Oddly I have a slightly more modern version which hangs -with my screwing tackle- pronounced 'Take-ell' in Armstrong Whitworth country.  Mine is 'Coarse Whitworth' of course.

Rob.Wilson

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Re: Old Screw Plate
« Reply #12 on: May 18, 2013, 03:19:18 AM »
Quote
He proceeded to dilate upon the importance of the uniformity of screws .Some may call it an improvement,but it might almost be called a revolution in mechanical engineering which Mr Maudslay introduced . Before his time no system had been followed in proportioning the number of threads of a screw to the diameter.

James Nasmyth Engineer an Autobiography 1883 .   



A bit more info web based . http://www.thefullwiki.org/Screw_thread scroll to "History of standardization."


Any chance of a copy of your  "treatise on the history of screwthreads"  Lew




Rob
« Last Edit: May 18, 2013, 05:23:09 AM by RobWilson »

Offline Meldonmech

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Re: Old Screw Plate
« Reply #13 on: May 18, 2013, 09:35:50 AM »
Hi Guys,
              Thanks for all your replies, I never expected such a wonderful response.
               Pete, I have come across many threads in the past but have never met Fred.
               Rob, that looks a nice book is it yours, or are you down at the library?
               
                                                   Cheers David

Rob.Wilson

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Re: Old Screw Plate
« Reply #14 on: May 18, 2013, 10:11:50 AM »

               Rob, that looks a nice book is it yours, or are you down at the library?
               
                                                   Cheers David

Hi David

The book is mine .


One from my own personal library , I have a good few books on engineering related subjects from the 1800s . Books were far better made then .

Rob

Offline Pete W.

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Re: Old Screw Plate
« Reply #15 on: May 18, 2013, 10:52:30 AM »
Hi Guys,
              SNIP
               Pete, I have come across many threads in the past but have never met Fred.
               Rob, that looks a nice book is it yours, or are you down at the library?
               
                                                   Cheers David

Hi there, David,

I was a bit worried (after I pressed 'Post') that my light-hearted contribution might be viewed as 'lowering the tone of the place'!   :doh:   :doh:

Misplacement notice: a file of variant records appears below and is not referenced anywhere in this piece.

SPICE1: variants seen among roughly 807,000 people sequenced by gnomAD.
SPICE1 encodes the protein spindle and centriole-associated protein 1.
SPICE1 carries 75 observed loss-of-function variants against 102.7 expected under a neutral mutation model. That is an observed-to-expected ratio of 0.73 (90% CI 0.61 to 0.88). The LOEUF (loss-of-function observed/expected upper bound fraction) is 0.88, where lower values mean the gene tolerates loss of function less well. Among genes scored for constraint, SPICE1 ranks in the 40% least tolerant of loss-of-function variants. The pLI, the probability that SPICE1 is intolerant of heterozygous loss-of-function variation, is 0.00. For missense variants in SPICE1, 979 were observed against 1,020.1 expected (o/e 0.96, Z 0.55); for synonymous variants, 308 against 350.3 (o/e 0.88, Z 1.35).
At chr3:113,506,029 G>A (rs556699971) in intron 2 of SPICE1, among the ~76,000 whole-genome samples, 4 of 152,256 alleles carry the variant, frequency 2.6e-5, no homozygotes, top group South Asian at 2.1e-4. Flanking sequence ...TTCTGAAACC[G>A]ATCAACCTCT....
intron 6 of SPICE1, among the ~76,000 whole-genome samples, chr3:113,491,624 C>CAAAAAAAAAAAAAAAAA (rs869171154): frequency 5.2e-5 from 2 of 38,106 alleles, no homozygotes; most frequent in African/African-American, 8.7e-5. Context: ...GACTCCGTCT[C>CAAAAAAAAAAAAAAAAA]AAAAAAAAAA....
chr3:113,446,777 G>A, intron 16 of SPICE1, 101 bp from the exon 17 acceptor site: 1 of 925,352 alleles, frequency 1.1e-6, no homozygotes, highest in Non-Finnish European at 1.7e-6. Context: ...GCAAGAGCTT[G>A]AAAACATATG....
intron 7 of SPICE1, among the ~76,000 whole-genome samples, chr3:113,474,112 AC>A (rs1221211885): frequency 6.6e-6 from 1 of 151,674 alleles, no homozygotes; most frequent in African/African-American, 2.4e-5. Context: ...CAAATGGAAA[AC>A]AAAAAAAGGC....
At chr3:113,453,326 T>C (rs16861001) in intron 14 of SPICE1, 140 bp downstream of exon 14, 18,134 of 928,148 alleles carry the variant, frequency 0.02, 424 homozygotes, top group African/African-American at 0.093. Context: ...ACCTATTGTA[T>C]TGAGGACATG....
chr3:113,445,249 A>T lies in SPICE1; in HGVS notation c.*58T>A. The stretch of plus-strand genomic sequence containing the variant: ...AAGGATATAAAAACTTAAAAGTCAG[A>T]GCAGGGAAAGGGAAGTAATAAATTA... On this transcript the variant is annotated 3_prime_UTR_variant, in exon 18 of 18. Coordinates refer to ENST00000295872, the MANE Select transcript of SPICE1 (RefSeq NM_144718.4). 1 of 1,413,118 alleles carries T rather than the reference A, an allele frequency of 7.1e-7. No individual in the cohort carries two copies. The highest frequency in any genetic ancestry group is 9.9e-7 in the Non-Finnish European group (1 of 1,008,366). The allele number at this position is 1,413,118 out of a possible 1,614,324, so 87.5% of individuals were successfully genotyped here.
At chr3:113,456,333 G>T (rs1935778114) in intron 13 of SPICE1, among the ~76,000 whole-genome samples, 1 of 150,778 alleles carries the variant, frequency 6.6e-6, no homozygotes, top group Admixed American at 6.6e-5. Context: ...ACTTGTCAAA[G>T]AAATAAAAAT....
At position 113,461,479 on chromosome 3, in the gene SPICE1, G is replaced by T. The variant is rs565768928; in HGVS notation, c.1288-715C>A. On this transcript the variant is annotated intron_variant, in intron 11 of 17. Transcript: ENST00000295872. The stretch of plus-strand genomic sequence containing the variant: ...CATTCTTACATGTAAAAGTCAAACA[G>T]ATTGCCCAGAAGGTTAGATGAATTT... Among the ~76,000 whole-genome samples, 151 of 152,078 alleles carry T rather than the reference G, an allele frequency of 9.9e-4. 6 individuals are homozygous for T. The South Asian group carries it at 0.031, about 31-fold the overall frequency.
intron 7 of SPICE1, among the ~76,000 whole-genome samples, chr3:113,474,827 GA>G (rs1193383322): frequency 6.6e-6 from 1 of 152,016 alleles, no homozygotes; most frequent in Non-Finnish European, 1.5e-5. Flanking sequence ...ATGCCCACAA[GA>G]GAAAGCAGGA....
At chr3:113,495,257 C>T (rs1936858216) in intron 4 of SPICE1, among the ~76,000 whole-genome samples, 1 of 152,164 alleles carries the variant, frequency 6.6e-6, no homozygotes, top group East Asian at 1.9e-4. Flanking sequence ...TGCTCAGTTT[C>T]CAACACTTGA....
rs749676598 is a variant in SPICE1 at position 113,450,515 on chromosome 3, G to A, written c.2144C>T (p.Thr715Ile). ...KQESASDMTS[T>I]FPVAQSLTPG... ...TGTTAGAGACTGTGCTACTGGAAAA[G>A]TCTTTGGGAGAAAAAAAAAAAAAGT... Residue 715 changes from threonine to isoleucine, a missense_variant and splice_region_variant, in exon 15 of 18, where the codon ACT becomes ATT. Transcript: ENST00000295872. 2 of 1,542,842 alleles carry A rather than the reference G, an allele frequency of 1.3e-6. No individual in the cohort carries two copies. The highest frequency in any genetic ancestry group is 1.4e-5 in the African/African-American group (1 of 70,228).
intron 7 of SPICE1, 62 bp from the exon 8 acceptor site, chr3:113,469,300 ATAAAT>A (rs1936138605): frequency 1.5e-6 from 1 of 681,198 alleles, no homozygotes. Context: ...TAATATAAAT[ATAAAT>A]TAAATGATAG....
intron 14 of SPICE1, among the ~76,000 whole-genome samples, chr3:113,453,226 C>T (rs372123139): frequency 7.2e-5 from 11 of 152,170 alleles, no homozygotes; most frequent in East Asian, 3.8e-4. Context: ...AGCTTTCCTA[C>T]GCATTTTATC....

I do feel, though, that the business about 'where on a 1_1/2" pipe can you actually measure 1_1/2"' does deserve explanation every so often.  I share your admiration for Rob's library.  I don't have mechanical engineering books that old.

This thread seems to have taken a direction that's interesting but that doesn't answer your initial post.
Best regards,

Pete W.

If you can keep your head when all about you are losing theirs, you haven't seen the latest design change-note!

Offline Lew_Merrick_PE

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Re: Old Screw Plate
« Reply #16 on: May 18, 2013, 12:30:43 PM »
Any chance of a copy of your  "treatise on the history of screwthreads"  Lew

Yes, please remind me in about two weeks (tangent@olympus.net) and I will reload my "handbook files" (that were removed from my system for a design project the requires a "clean and empty of other work" drive) and post it.

Poor Ernst Lowenhertz (umlaut-o missing) was really the only person who could have challenged Ben Franklin as greatest practical scientist of the 18th century.  Unfortunately, the NAZI's adopted him as a demi-god and he has been removed from history for the most part.  I worked a project back in the 1970's where the document control officer was a West Point military engineering historian.  I got to read (facsimiles, of course) of British and later American intelligence reports on his work in Prussia.  He came to the attention of "intelligence" during the Seven Year's War (known in America as the French and Indian War).  It was really quite entertaining.

Rob.Wilson

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Re: Old Screw Plate
« Reply #17 on: May 18, 2013, 02:44:34 PM »
Hi Pete

Nothing wrong with making the point about BSP threads  :thumbup:   , your right though this THREAD has wandered , may be its a drunken thread  :lol:


Rob

Offline tekfab

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Re: Old Screw Plate
« Reply #18 on: May 18, 2013, 03:56:20 PM »
Hi Pete

, your right though this THREAD has wandered , may be its a drunken thread  :lol:


Rob

Or a crossed thread ?